4. Get ready for repayment in 2022
Currently, federal education loan repayment is on pause until May 2022. However, this the refund freeze might be extended.
If you have not repaid your loans throughout the forbearance period, be sure to take a look at payment options now so you're ready to go in May. Check your payment method, make sure you know your minimum monthly payment, and explore repayment options if you need further assistance. If you would like to explore other deferral or forbearance options, you can do so using your internet account under “Refund Options”. You can also speak straight to Aidvantage at 800-722-1300.
Does Navient become Aidvantage?
No. In late 2022, Navient shifted its $5.6 billion education loan workload to Maximus, another federal student loan contractor. Maximus operates its student loan service as Aidvantage.
Will I receive tax documents from Navient or Aidvantage?
If Aidvantage is your new student loan provider, you will be able to download the 1098-E tax form, which shows the quantity of interest you paid on your education loan, by going to the left panel deciding on “Tax Statements”.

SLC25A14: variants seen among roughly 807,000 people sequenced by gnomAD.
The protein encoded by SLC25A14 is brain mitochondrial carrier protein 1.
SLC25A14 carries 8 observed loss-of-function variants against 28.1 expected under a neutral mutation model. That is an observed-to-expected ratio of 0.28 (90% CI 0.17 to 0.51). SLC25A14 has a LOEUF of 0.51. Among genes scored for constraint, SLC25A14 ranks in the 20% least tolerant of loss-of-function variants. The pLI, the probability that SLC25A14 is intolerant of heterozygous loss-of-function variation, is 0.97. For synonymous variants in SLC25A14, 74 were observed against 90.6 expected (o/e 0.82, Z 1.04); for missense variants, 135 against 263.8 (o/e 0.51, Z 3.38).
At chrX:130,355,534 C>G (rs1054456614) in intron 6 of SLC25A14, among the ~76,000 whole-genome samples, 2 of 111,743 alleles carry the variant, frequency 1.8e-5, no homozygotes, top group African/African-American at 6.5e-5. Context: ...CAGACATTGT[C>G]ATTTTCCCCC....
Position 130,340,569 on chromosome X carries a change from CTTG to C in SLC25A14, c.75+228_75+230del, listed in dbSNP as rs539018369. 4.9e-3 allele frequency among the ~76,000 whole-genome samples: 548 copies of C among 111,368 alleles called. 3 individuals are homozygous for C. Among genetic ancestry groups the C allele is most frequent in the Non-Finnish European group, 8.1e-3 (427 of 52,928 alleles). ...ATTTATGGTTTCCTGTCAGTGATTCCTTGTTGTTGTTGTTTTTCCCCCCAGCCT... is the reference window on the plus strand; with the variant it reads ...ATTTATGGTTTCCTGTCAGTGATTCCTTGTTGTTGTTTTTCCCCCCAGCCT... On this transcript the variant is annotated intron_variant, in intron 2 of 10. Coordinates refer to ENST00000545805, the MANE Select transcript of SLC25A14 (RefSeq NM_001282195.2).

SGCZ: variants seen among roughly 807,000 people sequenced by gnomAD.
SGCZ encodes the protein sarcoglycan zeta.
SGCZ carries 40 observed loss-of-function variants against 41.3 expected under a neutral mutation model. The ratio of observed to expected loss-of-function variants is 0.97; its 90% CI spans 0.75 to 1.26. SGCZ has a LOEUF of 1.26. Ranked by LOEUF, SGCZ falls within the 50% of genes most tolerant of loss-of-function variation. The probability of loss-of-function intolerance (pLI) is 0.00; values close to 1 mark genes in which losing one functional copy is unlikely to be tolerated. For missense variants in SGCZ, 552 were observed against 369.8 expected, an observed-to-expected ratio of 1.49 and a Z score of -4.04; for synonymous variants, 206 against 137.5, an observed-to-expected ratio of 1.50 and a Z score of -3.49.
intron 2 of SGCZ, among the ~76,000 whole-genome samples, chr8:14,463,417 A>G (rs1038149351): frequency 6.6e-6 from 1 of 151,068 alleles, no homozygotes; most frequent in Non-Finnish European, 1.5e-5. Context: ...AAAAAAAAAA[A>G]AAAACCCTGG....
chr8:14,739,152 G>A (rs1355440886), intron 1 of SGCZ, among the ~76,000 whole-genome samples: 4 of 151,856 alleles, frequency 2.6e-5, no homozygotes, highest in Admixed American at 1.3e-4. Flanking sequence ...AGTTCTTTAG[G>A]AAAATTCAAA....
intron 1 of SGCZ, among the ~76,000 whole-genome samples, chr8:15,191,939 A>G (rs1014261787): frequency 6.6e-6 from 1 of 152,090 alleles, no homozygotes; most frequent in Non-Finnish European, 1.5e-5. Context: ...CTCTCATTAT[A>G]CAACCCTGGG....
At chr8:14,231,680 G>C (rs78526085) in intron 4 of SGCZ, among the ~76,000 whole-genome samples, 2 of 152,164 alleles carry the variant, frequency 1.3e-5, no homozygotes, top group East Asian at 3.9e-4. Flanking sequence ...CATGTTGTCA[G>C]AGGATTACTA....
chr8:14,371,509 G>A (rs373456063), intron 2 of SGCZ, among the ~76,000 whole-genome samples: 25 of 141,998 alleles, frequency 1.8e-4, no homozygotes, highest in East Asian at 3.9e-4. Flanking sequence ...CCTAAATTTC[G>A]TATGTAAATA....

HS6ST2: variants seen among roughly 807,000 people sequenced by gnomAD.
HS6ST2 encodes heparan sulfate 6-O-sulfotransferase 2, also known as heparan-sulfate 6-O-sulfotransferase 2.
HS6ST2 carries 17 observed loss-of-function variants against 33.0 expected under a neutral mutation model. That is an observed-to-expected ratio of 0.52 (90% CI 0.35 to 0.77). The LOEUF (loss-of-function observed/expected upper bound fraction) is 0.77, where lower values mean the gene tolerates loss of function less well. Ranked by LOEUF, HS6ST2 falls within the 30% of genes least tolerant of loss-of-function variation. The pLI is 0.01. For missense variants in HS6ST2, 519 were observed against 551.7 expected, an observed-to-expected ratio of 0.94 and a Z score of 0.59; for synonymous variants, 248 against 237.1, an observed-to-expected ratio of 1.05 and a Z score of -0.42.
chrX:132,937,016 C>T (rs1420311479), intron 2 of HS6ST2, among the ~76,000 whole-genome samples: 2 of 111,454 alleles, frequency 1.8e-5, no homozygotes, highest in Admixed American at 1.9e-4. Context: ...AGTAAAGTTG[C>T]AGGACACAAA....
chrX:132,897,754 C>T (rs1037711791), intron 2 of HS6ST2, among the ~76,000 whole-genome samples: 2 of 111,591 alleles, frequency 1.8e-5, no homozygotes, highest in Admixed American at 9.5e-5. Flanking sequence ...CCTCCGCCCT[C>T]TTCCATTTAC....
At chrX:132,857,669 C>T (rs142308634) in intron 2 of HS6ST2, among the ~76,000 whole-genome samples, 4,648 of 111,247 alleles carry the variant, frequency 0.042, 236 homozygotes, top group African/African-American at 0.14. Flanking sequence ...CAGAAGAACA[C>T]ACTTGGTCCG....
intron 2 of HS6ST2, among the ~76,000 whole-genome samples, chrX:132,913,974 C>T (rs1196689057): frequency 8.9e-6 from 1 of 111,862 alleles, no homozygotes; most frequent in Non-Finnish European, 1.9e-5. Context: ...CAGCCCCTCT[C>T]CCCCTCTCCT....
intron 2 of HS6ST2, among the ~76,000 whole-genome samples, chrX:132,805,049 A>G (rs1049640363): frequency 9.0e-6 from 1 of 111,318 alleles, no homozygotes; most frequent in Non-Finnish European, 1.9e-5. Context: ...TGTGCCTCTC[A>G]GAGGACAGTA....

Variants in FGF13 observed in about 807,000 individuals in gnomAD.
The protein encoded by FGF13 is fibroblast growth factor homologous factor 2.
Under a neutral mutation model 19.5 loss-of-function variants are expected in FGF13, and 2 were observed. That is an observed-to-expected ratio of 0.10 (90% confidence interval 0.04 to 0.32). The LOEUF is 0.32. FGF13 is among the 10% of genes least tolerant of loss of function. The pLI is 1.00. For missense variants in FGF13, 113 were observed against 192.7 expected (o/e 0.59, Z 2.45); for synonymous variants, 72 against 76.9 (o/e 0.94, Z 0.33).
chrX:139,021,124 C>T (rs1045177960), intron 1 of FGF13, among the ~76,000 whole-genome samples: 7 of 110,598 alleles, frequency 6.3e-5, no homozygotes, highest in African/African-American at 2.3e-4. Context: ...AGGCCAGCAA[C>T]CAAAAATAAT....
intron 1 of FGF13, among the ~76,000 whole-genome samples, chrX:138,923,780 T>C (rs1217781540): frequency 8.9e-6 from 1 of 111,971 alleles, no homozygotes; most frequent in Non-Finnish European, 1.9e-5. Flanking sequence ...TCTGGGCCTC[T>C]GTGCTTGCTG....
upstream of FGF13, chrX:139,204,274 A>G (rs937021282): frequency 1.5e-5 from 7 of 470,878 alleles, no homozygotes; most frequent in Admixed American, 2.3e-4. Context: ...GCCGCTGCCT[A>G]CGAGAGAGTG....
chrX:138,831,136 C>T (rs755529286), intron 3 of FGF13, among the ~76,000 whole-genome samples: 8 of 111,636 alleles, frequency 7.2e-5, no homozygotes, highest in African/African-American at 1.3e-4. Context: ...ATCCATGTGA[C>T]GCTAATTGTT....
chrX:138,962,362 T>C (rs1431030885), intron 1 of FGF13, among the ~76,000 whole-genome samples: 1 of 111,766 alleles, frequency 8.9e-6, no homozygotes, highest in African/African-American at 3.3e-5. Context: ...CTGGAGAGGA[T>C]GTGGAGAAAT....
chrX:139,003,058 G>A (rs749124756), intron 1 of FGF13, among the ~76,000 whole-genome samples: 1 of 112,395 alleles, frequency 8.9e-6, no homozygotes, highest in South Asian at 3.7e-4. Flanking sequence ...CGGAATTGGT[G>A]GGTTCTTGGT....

Your old tax slips must have been imported from Navient to Aidvantage. For example, I had been able to view my 2022 and 2022 tax documents through Aidvantage. Logging into Navient only allowed me to gain access to my 2022 tax documents.
Should I prepare for repayment now or wait to see if loan forgiveness is accepted?
If you are trying to follow student loan cancellation policies, this is a brief summary. This week, the Department of Education identified 100,000 borrowers with a combined total of $6.2 billion in student loan debt who're eligible for debt cancellation, because of changes towards the program. cancellation of civil service loans last October.
That said, only a few student loan holders are currently entitled to loan forgiveness. Although the refund break may be extended, it's a wise decision to create a plan to get ready for the refund now, just in case. You can explore income-based repayment plans and other repayment options through your Aidvantage account.